NEW ORLEANS—Louisiana's state-licensed casinos mirrored their counterparts in other states last month as money won from players continued a two-year slide.
The 13 riverboats, Harrah's downtown New Orleans casino and the four race track casinos took in $203.6 million in May, down 9.3 percent from May 2009 and 13.4 percent from May 2008 as tough economic times and more competition for the wagering dollar continued chopping the take.
The riverboats - many of which cater to Texas gamblers - won $137.7 million last month, down from $152.5 million in May 2009 and $161.7 million in May 2008. The New Orleans casino won $30.8 million, down from $34 million in May 2009 and $38.2 million in May 2008, while the track casinos took in $35.1 million, down from $38.1 million in May 2009 and $35.3 million in May 2008.
Other states have been mired in the same trend: Nevada's revenue in April, the latest month for which figures are available, was down 18.9 percent from April 2008. New Jersey casino revenue fell 29 percent from May 2008 to May 2010. Mississippi fared better in an April-to-April comparison, recording a 4.7 percent drop.
But casinos on the Mississippi Gulf Coast face a new challenge: the threat of tourist gamblers staying away from the Gulf of Mexico oil spill. May figures for the state are expected to come out later this week.
The Memorial Day weekend, traditionally one of the casino business' biggest holidays, wasn't much help in Louisiana, boosting the take only a bit from $200.5 million in April 2010.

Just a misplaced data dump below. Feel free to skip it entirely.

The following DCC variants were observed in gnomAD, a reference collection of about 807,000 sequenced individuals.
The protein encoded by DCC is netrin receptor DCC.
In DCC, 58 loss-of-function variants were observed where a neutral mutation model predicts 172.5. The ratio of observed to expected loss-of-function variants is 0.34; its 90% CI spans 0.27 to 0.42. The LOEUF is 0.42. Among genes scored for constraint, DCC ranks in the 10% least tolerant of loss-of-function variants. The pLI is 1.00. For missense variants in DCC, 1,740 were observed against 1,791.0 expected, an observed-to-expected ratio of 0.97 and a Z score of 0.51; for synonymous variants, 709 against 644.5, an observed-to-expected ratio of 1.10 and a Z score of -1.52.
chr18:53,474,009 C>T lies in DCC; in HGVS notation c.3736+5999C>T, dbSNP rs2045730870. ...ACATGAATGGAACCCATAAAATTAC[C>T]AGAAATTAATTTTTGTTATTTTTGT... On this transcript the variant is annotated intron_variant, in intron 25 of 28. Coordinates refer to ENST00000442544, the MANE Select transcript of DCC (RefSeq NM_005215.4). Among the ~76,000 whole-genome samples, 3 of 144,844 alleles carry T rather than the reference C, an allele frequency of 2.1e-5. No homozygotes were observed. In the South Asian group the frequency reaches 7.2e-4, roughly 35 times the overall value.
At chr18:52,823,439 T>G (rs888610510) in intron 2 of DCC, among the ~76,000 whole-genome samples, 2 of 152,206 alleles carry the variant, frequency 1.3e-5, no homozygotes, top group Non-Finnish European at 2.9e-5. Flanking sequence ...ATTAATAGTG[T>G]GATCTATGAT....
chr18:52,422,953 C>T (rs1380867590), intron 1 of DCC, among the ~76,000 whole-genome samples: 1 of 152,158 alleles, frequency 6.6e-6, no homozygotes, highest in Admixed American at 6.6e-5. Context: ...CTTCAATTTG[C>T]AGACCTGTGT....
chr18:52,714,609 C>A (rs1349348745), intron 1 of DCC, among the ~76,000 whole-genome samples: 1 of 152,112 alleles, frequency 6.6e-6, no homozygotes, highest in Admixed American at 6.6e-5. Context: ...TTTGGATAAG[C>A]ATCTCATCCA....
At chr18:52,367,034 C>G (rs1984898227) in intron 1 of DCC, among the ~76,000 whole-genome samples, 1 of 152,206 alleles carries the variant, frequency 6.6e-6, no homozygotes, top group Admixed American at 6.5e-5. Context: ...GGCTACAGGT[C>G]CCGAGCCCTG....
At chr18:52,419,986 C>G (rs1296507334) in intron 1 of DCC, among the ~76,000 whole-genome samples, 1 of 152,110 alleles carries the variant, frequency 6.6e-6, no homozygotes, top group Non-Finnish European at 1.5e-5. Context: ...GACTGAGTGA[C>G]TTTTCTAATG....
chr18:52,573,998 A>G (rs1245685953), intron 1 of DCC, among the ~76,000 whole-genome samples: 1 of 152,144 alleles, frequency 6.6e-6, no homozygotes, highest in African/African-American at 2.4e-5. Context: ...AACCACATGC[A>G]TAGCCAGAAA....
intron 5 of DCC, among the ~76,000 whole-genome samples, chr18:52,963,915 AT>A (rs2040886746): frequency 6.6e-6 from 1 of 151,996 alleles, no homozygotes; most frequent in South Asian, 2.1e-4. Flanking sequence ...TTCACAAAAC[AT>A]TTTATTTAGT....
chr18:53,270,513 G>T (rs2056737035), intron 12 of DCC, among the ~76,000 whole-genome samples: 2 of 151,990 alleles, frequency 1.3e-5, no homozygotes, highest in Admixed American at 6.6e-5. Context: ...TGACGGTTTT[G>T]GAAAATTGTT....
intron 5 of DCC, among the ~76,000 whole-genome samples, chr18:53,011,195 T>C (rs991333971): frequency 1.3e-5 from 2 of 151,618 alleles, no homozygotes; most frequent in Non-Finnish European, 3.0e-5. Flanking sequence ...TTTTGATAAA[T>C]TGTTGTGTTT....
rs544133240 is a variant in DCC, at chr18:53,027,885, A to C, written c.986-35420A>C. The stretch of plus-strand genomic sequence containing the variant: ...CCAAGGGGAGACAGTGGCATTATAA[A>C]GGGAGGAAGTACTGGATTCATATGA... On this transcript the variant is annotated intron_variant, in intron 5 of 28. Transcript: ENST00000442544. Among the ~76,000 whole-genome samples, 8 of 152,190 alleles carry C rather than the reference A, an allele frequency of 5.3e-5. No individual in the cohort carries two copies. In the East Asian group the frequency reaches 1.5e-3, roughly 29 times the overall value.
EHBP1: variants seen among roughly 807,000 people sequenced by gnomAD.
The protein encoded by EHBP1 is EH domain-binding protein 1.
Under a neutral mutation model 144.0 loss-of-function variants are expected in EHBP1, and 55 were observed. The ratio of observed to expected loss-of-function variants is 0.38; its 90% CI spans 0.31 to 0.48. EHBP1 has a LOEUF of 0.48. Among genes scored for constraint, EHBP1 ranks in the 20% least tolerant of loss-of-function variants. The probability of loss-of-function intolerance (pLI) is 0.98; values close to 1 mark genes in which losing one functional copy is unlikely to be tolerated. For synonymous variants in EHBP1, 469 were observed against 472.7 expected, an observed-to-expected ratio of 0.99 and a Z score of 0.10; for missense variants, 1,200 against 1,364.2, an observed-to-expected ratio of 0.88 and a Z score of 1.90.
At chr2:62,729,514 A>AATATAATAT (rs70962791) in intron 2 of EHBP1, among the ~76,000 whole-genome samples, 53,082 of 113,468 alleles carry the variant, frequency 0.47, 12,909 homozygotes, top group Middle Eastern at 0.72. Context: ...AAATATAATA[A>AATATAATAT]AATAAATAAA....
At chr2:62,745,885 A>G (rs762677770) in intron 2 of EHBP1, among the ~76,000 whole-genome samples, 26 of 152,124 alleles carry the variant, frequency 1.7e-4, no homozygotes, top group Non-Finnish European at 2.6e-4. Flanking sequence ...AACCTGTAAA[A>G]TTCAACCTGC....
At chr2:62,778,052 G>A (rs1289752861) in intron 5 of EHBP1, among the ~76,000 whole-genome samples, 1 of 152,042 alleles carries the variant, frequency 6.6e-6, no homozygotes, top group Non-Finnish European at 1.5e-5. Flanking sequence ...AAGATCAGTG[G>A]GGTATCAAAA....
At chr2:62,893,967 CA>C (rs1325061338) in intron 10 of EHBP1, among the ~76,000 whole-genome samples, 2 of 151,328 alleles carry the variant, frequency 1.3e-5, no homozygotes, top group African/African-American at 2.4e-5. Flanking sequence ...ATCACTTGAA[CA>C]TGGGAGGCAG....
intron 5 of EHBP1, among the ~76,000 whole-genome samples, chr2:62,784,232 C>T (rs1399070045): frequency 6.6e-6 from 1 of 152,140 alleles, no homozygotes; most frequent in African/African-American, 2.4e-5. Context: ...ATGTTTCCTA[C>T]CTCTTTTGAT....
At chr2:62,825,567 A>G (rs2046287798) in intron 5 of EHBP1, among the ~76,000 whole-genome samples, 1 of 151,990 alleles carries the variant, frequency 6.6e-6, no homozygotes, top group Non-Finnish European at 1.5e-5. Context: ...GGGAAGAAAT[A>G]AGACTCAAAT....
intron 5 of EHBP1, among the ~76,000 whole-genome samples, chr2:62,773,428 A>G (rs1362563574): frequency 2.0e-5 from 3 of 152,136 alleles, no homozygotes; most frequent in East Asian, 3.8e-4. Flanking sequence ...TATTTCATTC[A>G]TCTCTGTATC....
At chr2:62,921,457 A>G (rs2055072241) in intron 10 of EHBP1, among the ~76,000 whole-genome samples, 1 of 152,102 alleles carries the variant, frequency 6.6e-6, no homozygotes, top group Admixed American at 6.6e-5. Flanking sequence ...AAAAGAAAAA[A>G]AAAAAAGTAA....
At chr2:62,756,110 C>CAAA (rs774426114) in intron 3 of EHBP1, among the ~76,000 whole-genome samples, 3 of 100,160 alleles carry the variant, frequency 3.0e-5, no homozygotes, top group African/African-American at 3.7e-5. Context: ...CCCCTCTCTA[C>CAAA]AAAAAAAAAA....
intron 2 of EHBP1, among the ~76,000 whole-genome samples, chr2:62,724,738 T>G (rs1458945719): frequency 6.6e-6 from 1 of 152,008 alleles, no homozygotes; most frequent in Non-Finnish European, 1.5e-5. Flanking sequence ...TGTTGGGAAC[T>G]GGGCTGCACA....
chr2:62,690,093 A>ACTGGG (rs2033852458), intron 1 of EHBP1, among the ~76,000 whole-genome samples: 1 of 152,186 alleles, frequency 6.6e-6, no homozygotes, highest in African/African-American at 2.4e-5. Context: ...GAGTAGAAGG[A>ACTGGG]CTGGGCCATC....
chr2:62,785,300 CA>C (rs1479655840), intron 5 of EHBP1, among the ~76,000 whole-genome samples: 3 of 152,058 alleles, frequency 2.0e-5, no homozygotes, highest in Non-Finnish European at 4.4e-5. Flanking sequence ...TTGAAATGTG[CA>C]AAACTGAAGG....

Casino analyst Cory Morowitz of Galloway, N.J.-based Morowitz Gaming Advisors LLC said the downturn in Louisiana is due to slow economic times - and any sort of major rebound is likely far off.
"It will be a long time before we see significant improvement," Morowitz said. "You'll have to see improvements in employment, consumer credit, discretionary income, government debt."
Morowitz said another unknown for Louisiana casinos is how long deepwater petroleum drilling will be stalled in the Gulf, a development that could be "disastrous to the local economy," further cutting travel and discretionary spending.
Among Louisiana's casino markets:
- Shreveport-Bossier City, home to five riverboats and the Louisiana Downs track casino, took in $64.3 million, down from $70.5 million in May 2009 and $76.3 million in April 2008. During that time, the market has faced increasing competition from an expanding array of casinos at Oklahoma tribal nations.
With current overall economic conditions, "When you get a market that gets additional competition, it just exacerbates the situation," said Morowitz.
- Lake Charles, another market aimed at Texas with three riverboats and the Delta Downs track casino, took in $54.8 million last month, down $61.2 million in May 2009, but up a bit from $60 million in May 2008. Pinnacle Entertainment Inc. recently scrapped plans for a second riverboat-hotel in that market.
- The New Orleans metro market, with two riverboats, the downtown casino and the Fair Grounds track casino, won $55 million last month, down from $59.9 million in May 2009 and $64.2 million in May 2008.
- The Baton Rouge market, with two riverboats catering mostly to the local market, won $16.5 million in May, down from $18.7 million in May 2009 and $19.8 million in May 2008.
- The Evangeline Downs track casino at Opelousas took in $8.5 million last month, compared with $9.6 million in May 2009 and $9.8 million in May 2008.
- The lone riverboat in the Morgan City area won $4.8 million last month, up slightly from $4.7 million in May 2009 and down from $5 million in May 2008.
The figures do not include the three Indian reservation casinos in Louisiana, which are not required to report their winnings to the public.